EQ7 calls this one the “Double X, No. 4” block. I think it looks a little more delicate than the one above. Also the cornerstone in the sashing helps create a wonderful secondary design.

Double X block

Double X No. 4 block

Double X str set

Double X straight setting

Double X on point

Double X on point setting

I’ve shown these in one color set, but it’s easy to imagine them in a range of colors, with more than three colors per block, or using lots of fabrics (scraps.)

There’s a lot more, but this is enough for today.

Economy Block | Square in a Square

This morning the Quilt Alliance posted about Two Altheas and a Square Within a Square. The Altheas are American tennis champion Althea Gibson, and quilter Althea Orr Diament. Diament pieced and quilted the lovely quilt shown in the blog post. Please take a look.

I note this in particular because my all-time most viewed post is Economy Block ANY Size! (With Cheat Sheet). There must be some romance to this block that has made it so popular. Its graphic simplicity allows a sparkle as the primary block or an accent in a quilt.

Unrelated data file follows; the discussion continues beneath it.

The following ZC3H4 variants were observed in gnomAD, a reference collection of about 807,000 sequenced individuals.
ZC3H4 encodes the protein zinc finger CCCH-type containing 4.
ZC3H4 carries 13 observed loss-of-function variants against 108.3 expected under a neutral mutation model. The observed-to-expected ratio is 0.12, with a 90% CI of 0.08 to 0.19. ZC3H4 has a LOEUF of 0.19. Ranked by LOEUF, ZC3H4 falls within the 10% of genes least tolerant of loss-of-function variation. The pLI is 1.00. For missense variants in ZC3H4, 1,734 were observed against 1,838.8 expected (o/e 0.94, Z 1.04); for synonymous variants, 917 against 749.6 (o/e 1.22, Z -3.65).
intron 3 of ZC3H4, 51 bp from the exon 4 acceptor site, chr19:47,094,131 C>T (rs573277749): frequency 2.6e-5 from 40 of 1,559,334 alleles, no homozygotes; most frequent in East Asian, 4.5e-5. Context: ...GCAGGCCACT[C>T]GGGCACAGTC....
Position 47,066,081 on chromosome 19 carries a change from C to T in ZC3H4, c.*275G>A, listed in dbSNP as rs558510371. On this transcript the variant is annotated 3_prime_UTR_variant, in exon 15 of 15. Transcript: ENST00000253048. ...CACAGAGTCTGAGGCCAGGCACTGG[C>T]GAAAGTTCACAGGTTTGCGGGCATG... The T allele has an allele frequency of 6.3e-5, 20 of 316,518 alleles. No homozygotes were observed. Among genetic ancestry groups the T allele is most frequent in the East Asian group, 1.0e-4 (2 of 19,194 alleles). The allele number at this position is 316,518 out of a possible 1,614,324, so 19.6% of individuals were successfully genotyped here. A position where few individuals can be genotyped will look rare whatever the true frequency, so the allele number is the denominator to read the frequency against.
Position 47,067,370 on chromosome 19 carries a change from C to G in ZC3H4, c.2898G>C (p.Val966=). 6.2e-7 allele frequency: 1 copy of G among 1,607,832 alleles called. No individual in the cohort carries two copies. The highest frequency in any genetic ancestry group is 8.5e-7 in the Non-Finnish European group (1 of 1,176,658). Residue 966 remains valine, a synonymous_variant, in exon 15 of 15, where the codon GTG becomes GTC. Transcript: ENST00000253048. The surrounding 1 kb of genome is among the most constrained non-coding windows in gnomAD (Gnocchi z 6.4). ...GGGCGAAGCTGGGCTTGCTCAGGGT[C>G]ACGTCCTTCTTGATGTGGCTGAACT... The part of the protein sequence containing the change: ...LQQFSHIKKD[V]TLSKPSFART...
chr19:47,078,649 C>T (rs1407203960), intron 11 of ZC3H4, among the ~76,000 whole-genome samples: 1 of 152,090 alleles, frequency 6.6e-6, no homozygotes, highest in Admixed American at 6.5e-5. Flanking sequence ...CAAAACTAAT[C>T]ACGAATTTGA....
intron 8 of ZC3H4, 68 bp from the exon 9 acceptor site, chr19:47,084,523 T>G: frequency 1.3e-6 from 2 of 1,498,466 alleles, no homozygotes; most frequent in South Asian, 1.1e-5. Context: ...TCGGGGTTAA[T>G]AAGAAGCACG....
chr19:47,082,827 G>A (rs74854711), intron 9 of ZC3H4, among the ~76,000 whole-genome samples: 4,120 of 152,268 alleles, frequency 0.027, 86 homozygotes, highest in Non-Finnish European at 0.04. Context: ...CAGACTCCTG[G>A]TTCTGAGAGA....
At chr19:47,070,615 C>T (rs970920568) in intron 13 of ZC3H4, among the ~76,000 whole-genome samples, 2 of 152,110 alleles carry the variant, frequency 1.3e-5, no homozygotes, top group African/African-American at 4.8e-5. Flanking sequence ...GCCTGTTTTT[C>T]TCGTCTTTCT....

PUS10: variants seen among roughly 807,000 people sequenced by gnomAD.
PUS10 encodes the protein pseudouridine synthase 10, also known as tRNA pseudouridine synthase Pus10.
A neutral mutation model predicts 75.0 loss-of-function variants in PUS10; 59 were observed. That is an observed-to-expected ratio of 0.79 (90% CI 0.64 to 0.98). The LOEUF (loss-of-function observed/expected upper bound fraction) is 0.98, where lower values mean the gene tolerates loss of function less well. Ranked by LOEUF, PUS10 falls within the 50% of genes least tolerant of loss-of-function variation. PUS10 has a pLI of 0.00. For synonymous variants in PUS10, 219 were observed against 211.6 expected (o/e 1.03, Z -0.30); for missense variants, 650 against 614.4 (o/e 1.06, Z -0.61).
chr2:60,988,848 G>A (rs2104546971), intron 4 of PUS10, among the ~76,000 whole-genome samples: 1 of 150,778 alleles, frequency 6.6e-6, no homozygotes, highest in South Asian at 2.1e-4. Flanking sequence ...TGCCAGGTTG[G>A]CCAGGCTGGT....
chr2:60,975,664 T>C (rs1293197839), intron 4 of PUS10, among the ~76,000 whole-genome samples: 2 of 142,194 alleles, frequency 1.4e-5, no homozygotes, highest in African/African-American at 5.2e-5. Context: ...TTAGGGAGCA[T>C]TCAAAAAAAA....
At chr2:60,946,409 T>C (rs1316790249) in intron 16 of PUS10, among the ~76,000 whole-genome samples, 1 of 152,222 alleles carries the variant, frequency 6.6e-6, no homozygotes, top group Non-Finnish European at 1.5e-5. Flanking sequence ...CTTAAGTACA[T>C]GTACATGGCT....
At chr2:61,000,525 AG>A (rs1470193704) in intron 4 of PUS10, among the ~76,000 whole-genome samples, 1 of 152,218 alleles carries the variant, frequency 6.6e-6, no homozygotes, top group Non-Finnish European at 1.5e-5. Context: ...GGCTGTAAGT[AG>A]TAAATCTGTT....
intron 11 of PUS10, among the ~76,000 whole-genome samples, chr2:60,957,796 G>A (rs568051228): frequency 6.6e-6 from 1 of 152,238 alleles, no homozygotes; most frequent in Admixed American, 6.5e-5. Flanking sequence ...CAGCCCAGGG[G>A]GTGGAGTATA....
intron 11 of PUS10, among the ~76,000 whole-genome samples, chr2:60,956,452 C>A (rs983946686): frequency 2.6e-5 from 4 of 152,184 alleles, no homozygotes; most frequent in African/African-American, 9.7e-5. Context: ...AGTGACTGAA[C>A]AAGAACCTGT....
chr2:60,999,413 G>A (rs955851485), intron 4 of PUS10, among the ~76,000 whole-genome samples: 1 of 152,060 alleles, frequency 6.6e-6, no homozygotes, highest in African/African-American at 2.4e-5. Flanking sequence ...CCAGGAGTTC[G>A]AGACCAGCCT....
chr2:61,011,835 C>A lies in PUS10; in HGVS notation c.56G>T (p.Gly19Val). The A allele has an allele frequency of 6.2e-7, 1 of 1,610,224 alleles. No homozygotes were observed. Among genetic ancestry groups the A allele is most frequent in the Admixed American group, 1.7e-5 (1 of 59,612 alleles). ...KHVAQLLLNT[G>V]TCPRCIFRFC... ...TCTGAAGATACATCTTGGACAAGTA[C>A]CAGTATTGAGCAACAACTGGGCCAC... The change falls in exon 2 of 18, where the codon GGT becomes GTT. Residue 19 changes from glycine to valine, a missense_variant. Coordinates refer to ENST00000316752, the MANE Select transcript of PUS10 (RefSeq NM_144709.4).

And it’s easy to make using my instructions, though the trimming is a little fiddly.

Certainly there are many more ways to set it than side-by-side across the vast array of a quilt. If you didn’t look at the Quilt Alliance post yet, please do. The setting there is interesting and fresh. And my post showing seventeen ways to set economy blocks should spur a quilter’s thinking for more ideas.

Here is the baseball medallion that uses the block above.

Have you made a quilt using this block? Was it the primary block, an alternate, or an accent?

Economy Block 17 Free Designs

The economy block has quilters excited! As I wrote in January, quilters have found the fun in this square-in-a-square, or diamond-in-a-square block. It’s a great way to showcase novelty prints with fussy cutting, or just enjoy the color play between patches.

Once you’ve made a few of these great blocks, what should you do with them? For some ideas, take a moment to google Images for economy block quilts. I’ll wait…

Yeah. Not much variety there in design, huh? Almost every picture has an array of economy blocks side by side. The only difference is coloring.

As terrific as they look, there is more you can do with them than that. Here are SEVENTEEN ideas. They all use the same coloring, so you can focus on the secondary designs instead of color differences.

And remember, you can make the economy block ANY SIZE with my tutorial and cheat sheet.

The first one uses an unpieced alternate block. They get more complex — and more interesting — after that!

Unpieced alternate blocks

Hourglasses, turned in alternate rows

Click here to see 15 more designs!